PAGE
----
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The source announced the intention of Russia to conduct rocket fire in the Arctic



The source announced the intention of Russia to conduct rocket fire in the Arctic

Confrontation in the northern region is escalating

According to unofficial data, on February 18-24, Russia is preparing to launch rockets in the North near Medvezhiy Island, near the borders of Norway. This is reported by the Twitter account “Notes of a Hunter”. It says that on the announced days, the airspace in the area will be closed to aviation flights for security reasons, since the area is a missile strike zone. It is reported that this data was confirmed by the representative of the Norwegian Ministry of Defense Brignar Stordal.

The Russian military does not officially comment on this information. However, according to sources “MK”, ​​such events are being prepared and this region for missile launches was not chosen by chance. It is here that the American military has been showing increased activity recently, who are not satisfied with Russia’s successful economic activity in the Arctic.

Recently, Orland airfield in Norway, for the first time in the history of this country, became the home of four American supersonic bombers. Initially, the B-1 B Lancer aircraft were created as strategic carriers of nuclear weapons. Later, after the signing of the Russian-American agreements on the reduction of nuclear weapons, the aircraft were converted into conventional carriers capable of delivering high-precision weapons to remote parts of the world.

Today, the B-1 B Lancer is the main force of the American long-range bomber force. One such bomber can accommodate up to 24 cruise missiles with a range of up to 500 km. Link В-1 В Lancer in terms of striking power is comparable to an aircraft carrier strike group. That is why the approach of such aircraft to the Russian borders – and the Norwegian airfield Orland is located just 480 kilometers from the Northern Sea Route – is causing serious concern in the Russian military department. And not only.

Recently, the representative of the Russian Foreign Ministry, Maria Zakharova, commented on the information on the arrival of B-1 B Lancer in Norway, assessing this step by the United States as a threat to security in the region. According to her, Washington has recently been too active in increasing its military activities directly on the northern borders of our country. B-1 bombers The Lancer, taking off from Orland, is planning to fly in international airspace beyond the Arctic Circle and off the north-western coast of Russia.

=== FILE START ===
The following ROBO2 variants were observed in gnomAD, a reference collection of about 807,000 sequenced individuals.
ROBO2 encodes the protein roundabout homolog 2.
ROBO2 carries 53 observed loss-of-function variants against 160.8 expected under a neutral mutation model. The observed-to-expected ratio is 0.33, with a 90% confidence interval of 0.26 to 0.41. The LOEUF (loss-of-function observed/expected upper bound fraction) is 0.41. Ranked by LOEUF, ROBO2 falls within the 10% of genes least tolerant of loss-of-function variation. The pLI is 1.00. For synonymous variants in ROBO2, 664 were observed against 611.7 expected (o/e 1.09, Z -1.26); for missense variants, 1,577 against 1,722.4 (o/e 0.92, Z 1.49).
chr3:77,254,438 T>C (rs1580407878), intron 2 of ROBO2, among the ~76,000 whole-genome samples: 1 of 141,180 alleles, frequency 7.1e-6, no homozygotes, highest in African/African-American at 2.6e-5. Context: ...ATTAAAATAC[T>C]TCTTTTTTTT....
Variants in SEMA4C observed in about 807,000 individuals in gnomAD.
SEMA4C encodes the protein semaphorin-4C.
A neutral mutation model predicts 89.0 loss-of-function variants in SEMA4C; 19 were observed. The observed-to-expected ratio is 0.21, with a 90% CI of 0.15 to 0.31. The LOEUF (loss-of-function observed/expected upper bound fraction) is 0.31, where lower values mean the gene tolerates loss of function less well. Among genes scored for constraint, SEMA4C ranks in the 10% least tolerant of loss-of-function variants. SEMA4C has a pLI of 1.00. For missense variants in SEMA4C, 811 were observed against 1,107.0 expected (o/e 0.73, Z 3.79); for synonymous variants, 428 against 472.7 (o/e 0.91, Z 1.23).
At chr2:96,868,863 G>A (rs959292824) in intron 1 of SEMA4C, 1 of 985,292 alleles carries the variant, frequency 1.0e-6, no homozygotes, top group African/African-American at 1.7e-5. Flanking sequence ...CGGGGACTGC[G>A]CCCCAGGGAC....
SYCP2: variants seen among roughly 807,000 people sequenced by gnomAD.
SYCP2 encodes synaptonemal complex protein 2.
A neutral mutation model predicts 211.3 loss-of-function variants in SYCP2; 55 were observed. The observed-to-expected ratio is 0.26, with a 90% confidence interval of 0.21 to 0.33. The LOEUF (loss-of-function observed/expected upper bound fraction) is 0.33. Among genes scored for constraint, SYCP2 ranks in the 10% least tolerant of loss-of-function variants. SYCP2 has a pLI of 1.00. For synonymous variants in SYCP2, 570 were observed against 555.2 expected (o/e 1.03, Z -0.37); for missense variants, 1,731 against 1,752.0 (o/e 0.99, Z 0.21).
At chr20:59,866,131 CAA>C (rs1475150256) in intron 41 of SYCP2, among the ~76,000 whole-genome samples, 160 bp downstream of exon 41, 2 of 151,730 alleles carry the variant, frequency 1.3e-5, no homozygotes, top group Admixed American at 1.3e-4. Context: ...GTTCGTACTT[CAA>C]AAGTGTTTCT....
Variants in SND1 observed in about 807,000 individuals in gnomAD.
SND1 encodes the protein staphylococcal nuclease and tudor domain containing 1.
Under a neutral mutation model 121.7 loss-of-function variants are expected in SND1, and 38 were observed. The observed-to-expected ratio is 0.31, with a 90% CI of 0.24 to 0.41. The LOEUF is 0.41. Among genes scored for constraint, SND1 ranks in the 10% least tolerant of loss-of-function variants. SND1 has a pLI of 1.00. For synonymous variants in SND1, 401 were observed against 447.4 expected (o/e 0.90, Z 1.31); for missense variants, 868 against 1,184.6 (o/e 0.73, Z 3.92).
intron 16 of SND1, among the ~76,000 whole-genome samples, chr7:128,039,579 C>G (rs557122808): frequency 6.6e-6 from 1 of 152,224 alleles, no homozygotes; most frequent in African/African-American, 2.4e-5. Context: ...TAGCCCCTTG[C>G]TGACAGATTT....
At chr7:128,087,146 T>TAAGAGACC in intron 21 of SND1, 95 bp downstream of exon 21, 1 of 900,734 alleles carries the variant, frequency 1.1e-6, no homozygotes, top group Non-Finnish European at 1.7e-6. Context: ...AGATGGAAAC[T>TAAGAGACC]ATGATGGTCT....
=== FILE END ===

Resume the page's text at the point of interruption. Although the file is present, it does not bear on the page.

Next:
The European Command of the US Armed Forces announced its decision to relocate the B-1 B Lancer from Texas to Norwegian Orland on February 2 this year. True, the Americans immediately announced that the squadron would not be there on a permanent basis. For a start – just a month. However, experts at the University’s Center for Military Studies in Copenhagen believe that the arrival of these long-range bombers in Norway is part of a new US military strategy to contain Russia.

This strategy assumes that from now on, American military policy should become more flexible. The States no longer intend to keep large military contingents at military bases around the world. They plan to send their aircraft, ships and combat units for a short time to different parts of the world.

Norway, Russia’s closest northern neighbor, has already become one of these points. Representatives of the US and NATO troops are now increasingly appearing here. For example, the 5th generation F-35 Lightning II fighters of the Royal Air Force are also deployed at the same Orland airfield. Frequent guests there are also American AWACS E-3 Sentry aircraft, which also “on a rotational basis” arrive in Norway from an air base in Germany. A group of Boeing P-8 Poseidon anti-submarine patrol aircraft is deployed nearby at the Norwegian base of Anneia, designed for reconnaissance, detection and destruction in areas patrolling enemy submarines.

The United States, of course, views Russia as an adversary in this region, which cannot remain unanswered on its part. So last week, Russian strategic Tu-160 bombers, accompanied by MiG-31 fighters (they can carry the latest hypersonic airborne missile systems “Dagger” – “MK”), conducted a twelve-hour patrol in the international airspace over the Barents, Norwegian and Greenland seas. In response to this, according to the operational headquarters of the armed forces of Norway, two F16 fighters were lifted from the airfield in Bodø “for emergency response”.

Such meetings near the borders of both countries, experts say, are happening more and more often. And not only in the air. This month, for example, in the area of ​​the Norwegian city of Setermoen, a training exercise was held for US marines from the rotary forces in Europe, where the tactical actions of special forces to control army all-terrain vehicles in the harsh Arctic conditions were practiced.

And now, judging by the messages on Twitter, Russia is going to launch missiles in the coming days near its northern borders off the coast of Norway. As military analysts note, the question of “who is the boss in the Arctic” is becoming acute literally before our eyes. The military escalation in the Arctic region is growing every day.